FM! uses radio motif to tackle real-life issues

Courtesy of Def Jam Recordings

Sean Armstrong | Staff Writer

11/08/17

Vince Staples’ latest work FM! is a surrealist interpretation of gang violence, pop culture and the glorification of rappers. As impressive and daunting as this selection of topics is, Staples really shines in the cohesiveness and flow of the concepts on this album.

In the opening track “Feels Like Summer,” a sound bite from Big Boi’s radio show Neighborhood creates a stereotypical image of summer with references to chilling out and taking life more easily. Then, the first verse drops and Staples ruins the mood he previously tried to cultivate with the line, “Summertime in the LB wild / We gon party ‘til the sun or the guns come out.”

This theme of pop culture clashing with the reality of the situation — which, in this case, is gun violence occurring more often in the summer when many Americans are relaxing — continues throughout the album.

However, the third crucial theme to the album — the glorification of rappers — does not enter the equation until the third track, “Don’t Get Chipped.” The first line of the song, “Can’t wait till I’m rich / I’m finna buy a whole crate of guns,” discusses how rappers flaunt their street cred throughout their music even after they’ve become famous and have enough money to renounce that lifestyle.

After being introduced, these themes are then juggled throughout the album as a type of dialogue happens from song to song. Every track after the first three features Staple rapping about riches and gun violence with only short intermissions created in guest verse format.

Earl Sweatshirt breaks Staples’ flow on the fifth track of the album after a brief radio reference on the previous song calling for the listener to dial in to receive free Kehlani tickets. This echoes the commercialization of the news cycle that often breaks up heartbreaking stories of gun violence.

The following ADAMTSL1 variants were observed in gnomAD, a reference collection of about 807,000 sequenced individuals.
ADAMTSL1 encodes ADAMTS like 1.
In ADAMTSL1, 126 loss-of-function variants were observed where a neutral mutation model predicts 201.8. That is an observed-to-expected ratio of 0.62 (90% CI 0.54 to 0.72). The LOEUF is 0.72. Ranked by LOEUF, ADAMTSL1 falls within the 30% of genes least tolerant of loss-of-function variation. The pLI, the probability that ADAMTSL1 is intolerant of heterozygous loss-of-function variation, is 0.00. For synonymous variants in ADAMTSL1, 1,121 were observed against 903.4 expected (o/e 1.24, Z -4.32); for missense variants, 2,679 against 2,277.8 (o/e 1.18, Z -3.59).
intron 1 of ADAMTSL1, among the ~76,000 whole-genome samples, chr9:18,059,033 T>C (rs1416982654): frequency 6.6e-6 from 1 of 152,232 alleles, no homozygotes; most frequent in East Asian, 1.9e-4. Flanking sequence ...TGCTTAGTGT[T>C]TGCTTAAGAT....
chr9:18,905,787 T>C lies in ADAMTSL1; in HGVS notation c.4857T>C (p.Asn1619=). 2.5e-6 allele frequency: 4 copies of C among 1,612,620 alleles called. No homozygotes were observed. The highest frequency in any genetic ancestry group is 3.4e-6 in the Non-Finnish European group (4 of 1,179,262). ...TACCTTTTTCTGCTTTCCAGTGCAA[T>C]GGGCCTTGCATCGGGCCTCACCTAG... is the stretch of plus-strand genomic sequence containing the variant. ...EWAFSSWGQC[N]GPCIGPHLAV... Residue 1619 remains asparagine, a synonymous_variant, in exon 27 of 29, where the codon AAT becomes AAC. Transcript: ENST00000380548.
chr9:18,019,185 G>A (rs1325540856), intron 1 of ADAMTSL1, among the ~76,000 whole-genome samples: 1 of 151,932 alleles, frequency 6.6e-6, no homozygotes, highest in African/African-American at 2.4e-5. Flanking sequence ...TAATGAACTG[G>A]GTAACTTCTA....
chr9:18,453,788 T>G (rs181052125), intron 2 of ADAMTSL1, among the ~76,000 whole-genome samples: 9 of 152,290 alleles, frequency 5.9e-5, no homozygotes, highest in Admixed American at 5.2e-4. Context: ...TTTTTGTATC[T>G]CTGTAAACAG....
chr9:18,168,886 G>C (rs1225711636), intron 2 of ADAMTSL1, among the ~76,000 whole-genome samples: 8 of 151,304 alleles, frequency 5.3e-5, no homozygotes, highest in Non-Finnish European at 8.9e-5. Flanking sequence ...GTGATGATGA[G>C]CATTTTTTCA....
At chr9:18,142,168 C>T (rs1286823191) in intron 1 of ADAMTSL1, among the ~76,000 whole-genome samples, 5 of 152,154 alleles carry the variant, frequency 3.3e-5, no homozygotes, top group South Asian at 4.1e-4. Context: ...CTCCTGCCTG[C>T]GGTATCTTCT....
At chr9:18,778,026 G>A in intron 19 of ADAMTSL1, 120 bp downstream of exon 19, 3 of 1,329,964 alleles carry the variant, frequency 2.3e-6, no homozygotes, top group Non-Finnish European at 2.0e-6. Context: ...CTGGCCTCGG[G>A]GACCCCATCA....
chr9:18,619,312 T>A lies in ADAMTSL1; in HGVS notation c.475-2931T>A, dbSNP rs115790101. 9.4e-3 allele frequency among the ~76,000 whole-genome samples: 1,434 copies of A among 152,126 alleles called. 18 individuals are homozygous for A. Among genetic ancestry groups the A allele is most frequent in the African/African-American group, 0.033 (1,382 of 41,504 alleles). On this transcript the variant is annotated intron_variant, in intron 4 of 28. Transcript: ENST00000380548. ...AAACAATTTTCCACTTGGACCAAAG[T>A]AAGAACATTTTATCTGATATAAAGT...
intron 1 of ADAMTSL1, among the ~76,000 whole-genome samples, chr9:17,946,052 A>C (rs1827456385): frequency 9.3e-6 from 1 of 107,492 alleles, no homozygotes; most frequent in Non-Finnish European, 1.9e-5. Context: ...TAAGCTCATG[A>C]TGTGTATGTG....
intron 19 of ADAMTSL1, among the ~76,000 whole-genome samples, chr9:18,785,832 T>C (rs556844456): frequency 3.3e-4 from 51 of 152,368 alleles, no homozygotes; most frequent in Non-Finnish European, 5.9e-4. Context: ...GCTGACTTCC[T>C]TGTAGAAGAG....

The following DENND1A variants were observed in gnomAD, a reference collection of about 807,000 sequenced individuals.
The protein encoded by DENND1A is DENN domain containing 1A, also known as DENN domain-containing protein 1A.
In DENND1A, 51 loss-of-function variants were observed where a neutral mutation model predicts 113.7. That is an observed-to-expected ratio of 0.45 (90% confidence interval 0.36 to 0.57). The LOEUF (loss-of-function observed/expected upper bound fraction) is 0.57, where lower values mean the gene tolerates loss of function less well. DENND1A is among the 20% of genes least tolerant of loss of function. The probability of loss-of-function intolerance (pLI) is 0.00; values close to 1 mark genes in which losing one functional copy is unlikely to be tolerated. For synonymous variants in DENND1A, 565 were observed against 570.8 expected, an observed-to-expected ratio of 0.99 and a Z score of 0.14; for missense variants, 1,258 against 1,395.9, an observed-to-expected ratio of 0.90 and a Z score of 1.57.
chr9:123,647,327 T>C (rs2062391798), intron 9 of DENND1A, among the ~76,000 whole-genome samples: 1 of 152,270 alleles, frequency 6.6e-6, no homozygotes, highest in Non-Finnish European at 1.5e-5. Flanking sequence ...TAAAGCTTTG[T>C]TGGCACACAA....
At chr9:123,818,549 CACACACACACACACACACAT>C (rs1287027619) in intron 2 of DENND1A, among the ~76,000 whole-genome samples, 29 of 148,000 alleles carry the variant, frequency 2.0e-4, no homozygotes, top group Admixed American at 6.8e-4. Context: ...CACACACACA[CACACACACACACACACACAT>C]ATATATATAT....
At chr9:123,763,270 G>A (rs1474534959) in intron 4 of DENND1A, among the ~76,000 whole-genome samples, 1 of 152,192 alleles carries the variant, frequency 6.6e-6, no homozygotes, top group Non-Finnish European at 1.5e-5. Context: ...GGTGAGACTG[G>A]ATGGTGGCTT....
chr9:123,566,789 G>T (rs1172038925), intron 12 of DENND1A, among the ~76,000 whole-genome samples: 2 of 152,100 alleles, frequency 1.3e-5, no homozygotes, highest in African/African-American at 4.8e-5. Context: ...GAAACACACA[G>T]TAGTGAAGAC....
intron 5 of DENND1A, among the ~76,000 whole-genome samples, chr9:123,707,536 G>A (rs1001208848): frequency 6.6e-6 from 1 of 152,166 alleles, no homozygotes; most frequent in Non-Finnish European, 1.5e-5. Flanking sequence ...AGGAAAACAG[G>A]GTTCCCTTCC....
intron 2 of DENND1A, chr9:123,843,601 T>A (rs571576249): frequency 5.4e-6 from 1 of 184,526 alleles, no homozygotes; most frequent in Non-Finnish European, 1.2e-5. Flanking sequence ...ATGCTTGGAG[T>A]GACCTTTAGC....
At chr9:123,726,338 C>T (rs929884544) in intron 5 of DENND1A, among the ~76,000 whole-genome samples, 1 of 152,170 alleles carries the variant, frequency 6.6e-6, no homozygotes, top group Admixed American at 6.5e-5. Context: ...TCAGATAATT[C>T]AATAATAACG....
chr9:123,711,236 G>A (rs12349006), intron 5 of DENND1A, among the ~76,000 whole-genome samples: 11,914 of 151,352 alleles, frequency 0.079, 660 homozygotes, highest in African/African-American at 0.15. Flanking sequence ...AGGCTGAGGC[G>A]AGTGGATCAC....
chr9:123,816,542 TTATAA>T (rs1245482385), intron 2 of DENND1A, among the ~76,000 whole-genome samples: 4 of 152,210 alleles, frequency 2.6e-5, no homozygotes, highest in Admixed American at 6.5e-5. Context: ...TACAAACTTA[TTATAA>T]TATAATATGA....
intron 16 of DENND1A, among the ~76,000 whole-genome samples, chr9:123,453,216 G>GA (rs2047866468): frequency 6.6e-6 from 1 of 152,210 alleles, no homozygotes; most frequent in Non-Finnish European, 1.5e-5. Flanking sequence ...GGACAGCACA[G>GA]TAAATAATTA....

Later in the album, Tyga has a guest verse for the ninth track. He enters after a brief introduction by a radio jockey before talking about prolific rappers living the high life.

The track right before the finale, “(562) 453-9382 (skit)” has a fictional caller dial in to a radio show game to win the previously-alluded-to free Kehlani tickets. The caller, comedically, fails to name more than one famous person with a name starting with V (Staples wasn’t mentioned) and what follows is the radio host joking that he must be “tweaking.”

Once again, this illustrates the divide between pop culture casually referencing drug addiction in a careless manner, when the reality is that many people suffer from various forms of drug addiction that are not considered comical.

Finally, “Tweakin’” is a song featuring Buddy and Kehlani which brings together all three themes. Buddy touches on gun violence in the intro before Staples takes over in the first verse by discussing the friends he has lost to gang violence.

Then Kehlani adds to the previously built-on gun violence topic by singing the pre-chorus, “We just lost somebody else this weekend, no no / Think that I am jumping off the deep end, yeah yeah.” She follows this up by talking about drug addiction in the chorus.

Finally, Staples brings up the final themes by addressing his prominence as a rapper before Buddy once again discusses gun violence.

The three artists oscillate between the glorification of rappers, gun violence and the newly introduced topic of drug addiction before the conclusion sweeps all of their ideas away with a radio style closing for a commercial break.

The ending suggests that all of these topics will continue to get attention in the media and pop culture circles, but the reality of the situation won’t change. In this sense, life goes on, but not in the usual kumbaya associated with that phrase.

FM! is a rare take on the relationship between gang and gun violence, the glorification of rappers and pop culture that deserves more attention than it has gotten.

I realize that saying these topics deserve more attention is a concession on both Staples’ part and mine. This album calls out pop culture for raising awareness without action while also raising awareness without any call for action or explanation on how to act. This is perhaps Staples’ biggest flaw in the creation of FM!

Still, I can’t help but believe that this album has somehow addressed these topics in a nuanced manner worthy of being called out. I don’t think the majority of Americans realize the extent of the situation and in all honesty, if Staples is correct, how could they?

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